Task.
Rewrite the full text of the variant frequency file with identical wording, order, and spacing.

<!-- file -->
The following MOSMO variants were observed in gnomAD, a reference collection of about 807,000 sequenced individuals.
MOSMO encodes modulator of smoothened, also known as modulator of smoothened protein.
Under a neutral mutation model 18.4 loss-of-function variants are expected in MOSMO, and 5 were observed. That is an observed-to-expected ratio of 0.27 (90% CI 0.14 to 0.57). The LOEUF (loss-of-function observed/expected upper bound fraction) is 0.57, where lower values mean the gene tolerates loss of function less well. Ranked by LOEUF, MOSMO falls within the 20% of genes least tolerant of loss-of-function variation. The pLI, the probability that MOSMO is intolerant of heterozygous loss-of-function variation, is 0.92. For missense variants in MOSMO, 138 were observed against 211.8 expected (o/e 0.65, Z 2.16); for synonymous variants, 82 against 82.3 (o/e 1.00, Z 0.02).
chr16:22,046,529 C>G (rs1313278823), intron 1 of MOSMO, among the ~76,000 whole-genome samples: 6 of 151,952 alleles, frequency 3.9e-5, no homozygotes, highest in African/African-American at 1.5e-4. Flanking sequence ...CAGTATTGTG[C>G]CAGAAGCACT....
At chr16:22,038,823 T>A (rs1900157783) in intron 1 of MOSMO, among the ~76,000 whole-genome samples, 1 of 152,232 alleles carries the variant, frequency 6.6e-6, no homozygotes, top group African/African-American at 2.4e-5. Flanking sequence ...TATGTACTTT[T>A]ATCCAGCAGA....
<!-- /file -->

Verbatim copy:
The following MOSMO variants were observed in gnomAD, a reference collection of about 807,000 sequenced individuals.
MOSMO encodes modulator of smoothened, also known as modulator of smoothened protein.
Under a neutral mutation model 18.4 loss-of-function variants are expected in MOSMO, and 5 were observed. That is an observed-to-expected ratio of 0.27 (90% CI 0.14 to 0.57). The LOEUF (loss-of-function observed/expected upper bound fraction) is 0.57, where lower values mean the gene tolerates loss of function less well. Ranked by LOEUF, MOSMO falls within the 20% of genes least tolerant of loss-of-function variation. The pLI, the probability that MOSMO is intolerant of heterozygous loss-of-function variation, is 0.92. For missense variants in MOSMO, 138 were observed against 211.8 expected (o/e 0.65, Z 2.16); for synonymous variants, 82 against 82.3 (o/e 1.00, Z 0.02).
chr16:22,046,529 C>G (rs1313278823), intron 1 of MOSMO, among the ~76,000 whole-genome samples: 6 of 151,952 alleles, frequency 3.9e-5, no homozygotes, highest in African/African-American at 1.5e-4. Flanking sequence ...CAGTATTGTG[C>G]CAGAAGCACT....
At chr16:22,038,823 T>A (rs1900157783) in intron 1 of MOSMO, among the ~76,000 whole-genome samples, 1 of 152,232 alleles carries the variant, frequency 6.6e-6, no homozygotes, top group African/African-American at 2.4e-5. Flanking sequence ...TATGTACTTT[T>A]ATCCAGCAGA....